I.VI.9

The strength of Aurelian had crushed on every side the enemies of Rome. After his death they seemed to revive with an increase of fury and numbers. They were again vanquished on all sides by the active vigour of Probus. The deliverance of Gaul alone from the German invaders is reported to have cost the lives of four hundred thousand barbarians.*77 The victorious emperor pursued his successes into Germany itself; and the princes of the country, astonished at his presence, and dismayed and exhausted by the ill success of their last emigration, submitted to any terms that the conquerors might impose.*78 Probus, and afterwards Diocletian*79 adopted the plan of recruiting the exhausted provinces of the empire by granting lands to the fugitive or captive barbarians, and disposing of their superfluous numbers where they might be the least likely to be dangerous to the state; but such colonizations were an insufficient vent for the population of the north, and the ardent temper of the barbarians would not always bend to the slow labours of agriculture.*80 During the vigorous reign of Diocletian, unable to make an effectual impression on the Roman frontiers, the Goths, the Vandals, the Gepidæ, the Burgundians, and the Allemanni, wasted each other's strength by mutual hostilities, while the subjects of the empire enjoyed the bloody spectacle, conscious that, whoever vanquished, they vanquished the enemies of Rome.*81

I.VI.10

Under the reign of Constantine the Goths were again formidable. Their strength had been restored by a long peace, and a new generation had arisen, which no longer remembered the misfortunes of ancient days.*82 In two successive wars great numbers of them were slain. Vanquished on every side, they were driven into the mountains; and, in the course of a severe campaign, above a hundred thousand were computed to have perished by cold and hunger.*83 Constantine adopted the plan of Probus and his successors in granting lands to those suppliant barbarians who were expelled from their own country. Towards the end of his reign, a competent portion, in the provinces of Pannonia, Thrace, Macedonia, and Italy, was assigned for the habitation and subsistence of three hundred thousand Sarmatians.*84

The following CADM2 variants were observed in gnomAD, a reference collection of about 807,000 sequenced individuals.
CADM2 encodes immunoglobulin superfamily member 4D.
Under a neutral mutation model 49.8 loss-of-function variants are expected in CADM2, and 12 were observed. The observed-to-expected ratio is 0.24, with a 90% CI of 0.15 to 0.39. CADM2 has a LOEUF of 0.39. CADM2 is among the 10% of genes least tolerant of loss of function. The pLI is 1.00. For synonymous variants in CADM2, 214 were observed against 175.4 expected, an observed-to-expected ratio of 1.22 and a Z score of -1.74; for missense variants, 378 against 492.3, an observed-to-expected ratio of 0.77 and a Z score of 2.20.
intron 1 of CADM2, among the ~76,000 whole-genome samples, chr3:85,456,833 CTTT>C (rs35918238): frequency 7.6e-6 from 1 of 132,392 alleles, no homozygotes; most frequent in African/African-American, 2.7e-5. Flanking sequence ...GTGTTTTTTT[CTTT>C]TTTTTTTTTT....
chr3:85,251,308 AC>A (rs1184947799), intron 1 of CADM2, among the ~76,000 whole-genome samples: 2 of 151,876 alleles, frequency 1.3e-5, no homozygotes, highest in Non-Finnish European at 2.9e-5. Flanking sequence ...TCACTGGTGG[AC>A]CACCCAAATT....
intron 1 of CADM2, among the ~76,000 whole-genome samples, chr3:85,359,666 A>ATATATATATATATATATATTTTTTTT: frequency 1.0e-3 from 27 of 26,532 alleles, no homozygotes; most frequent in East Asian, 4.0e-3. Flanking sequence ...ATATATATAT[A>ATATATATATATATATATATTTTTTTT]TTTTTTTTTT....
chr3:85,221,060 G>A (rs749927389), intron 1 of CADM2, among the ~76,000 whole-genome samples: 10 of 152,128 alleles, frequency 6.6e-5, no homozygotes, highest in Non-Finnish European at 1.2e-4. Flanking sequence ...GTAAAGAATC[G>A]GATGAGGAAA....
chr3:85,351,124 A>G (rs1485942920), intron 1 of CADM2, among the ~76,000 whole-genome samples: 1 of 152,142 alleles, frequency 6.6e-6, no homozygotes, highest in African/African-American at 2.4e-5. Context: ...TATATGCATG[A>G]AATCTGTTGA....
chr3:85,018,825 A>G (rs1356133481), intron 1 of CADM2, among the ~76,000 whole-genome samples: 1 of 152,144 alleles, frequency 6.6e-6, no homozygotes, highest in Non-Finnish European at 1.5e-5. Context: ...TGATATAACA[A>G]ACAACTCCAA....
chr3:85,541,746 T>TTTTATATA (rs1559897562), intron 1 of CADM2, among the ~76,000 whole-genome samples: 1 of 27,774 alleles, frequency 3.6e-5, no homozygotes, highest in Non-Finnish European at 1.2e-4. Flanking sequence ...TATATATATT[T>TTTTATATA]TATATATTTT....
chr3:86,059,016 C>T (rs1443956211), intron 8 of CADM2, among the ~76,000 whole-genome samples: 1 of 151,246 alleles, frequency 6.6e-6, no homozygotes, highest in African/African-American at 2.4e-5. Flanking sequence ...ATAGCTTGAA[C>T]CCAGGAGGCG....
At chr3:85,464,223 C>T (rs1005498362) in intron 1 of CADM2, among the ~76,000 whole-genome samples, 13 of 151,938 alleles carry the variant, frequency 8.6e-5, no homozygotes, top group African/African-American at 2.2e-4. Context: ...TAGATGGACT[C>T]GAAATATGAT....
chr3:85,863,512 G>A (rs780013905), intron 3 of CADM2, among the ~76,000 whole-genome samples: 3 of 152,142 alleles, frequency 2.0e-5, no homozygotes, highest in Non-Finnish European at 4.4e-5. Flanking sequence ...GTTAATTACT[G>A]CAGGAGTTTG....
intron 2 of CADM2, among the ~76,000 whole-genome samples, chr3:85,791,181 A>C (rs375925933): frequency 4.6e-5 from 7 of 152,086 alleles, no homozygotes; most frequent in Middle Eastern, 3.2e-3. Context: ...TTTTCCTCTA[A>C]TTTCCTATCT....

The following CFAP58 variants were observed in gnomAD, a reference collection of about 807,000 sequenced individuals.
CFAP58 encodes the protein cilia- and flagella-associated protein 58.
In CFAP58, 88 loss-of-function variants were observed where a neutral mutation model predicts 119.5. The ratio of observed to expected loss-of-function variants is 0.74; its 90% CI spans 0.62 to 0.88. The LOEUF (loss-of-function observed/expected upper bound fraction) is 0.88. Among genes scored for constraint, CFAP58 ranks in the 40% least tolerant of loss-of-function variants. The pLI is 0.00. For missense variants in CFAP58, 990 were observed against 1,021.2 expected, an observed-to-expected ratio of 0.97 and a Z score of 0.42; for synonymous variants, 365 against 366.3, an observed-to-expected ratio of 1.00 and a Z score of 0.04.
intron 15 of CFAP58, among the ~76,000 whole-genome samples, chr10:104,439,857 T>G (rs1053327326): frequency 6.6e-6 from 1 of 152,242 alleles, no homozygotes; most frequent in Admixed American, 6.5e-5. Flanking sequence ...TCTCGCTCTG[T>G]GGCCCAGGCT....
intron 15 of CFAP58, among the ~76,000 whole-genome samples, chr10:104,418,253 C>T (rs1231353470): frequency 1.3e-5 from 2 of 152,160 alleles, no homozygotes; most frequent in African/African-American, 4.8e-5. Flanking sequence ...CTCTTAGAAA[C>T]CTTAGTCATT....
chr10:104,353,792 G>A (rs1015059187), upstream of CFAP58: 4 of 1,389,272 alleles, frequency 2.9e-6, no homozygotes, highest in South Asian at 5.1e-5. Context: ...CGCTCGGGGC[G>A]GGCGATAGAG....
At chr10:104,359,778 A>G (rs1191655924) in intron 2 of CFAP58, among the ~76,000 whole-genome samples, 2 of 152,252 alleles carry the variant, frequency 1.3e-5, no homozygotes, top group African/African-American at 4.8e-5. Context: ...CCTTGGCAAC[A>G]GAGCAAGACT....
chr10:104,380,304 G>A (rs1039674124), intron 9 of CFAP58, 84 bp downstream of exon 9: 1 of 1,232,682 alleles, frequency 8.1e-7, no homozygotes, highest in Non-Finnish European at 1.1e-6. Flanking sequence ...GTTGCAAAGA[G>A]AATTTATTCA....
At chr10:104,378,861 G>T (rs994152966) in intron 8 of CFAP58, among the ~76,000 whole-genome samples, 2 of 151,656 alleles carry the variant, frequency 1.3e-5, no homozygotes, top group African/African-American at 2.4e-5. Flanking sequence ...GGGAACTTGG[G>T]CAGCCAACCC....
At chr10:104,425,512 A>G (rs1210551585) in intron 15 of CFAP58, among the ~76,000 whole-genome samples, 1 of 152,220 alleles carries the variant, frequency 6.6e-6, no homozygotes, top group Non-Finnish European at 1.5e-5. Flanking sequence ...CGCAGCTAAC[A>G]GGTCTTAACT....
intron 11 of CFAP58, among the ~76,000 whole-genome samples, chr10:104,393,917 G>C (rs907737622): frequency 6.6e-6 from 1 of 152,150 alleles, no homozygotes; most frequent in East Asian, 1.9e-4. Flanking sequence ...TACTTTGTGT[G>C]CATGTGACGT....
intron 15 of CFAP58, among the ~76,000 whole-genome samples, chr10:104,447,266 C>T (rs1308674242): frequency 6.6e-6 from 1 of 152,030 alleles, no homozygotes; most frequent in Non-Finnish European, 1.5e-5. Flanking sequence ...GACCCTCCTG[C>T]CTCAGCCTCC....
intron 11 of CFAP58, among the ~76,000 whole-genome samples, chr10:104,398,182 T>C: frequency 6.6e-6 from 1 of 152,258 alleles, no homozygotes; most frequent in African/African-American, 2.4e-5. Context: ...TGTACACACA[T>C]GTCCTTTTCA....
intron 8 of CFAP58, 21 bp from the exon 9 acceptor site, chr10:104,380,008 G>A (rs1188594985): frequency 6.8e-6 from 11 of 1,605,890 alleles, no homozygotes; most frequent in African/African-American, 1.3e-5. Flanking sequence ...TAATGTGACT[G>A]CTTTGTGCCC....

I.VI.11

The warlike Julian had to encounter and vanquish new swarms of Franks and Allemanni, who, emigrating from their German forests during the cival wars of Constantine, settled in different parts of Gaul, and made the scene of their devastations three times more extensive than that of their conquests.*85 Destroyed and repulsed on every side, they were pursued in five expeditions into their own country;*86 but Julian had conquered, as soon as he had penetrated into Germany; and in the midst of that mighty hive, which had sent out such swarms of people as to keep the Roman world in perpetual dread, the principal obstacles to his progress were almost impassable roads and vast unpeopled forests.*87

I.VI.12

Though thus subdued and prostrated by the victorious arms of Julian, this hydra-headed monster rose again after a few years; and the firmness, vigilance and powerful genius of Valentinian were fully called into action, in protecting his dominions from the different irruptions of the Allemanni, the Burgundians, the Saxons, the Goths, the Quadi, and the Sarmatians.*88

I.VI.13

The fate of Rome was at length determined by an irresistible emigration of the Huns from the east and north, which precipitated on the empire the whole body of the Goths;*89 and the continuance of this powerful pressure on the nations of Germany seemed to prompt them to the resolution of abandoning to the fugitives of Sarmatia their woods and morasses, or at least of discharging their superfluous numbers on the provinces of the Roman empire.*90 An emigration of four hundred thousand persons issued from the same coast of the Baltic, which had poured forth the myriads of Cimbri and Teutones during the vigour of the Republic.*91 When this host was destroyed by war and famine, other adventurers succeeded. The Suevi, the Vandals, the Alani, the Burgundians, passed the Rhine, never more to retreat.*92 The conquerors, who first settled, were expelled or exterminated by new invaders. Clouds of barbarians seemed to collect from all parts of the northern hemisphere. Gathering fresh darkness and terror as they rolled on, the congregated bodies at length obscured the sun of Italy, and sunk the western world in night.

I.VI.14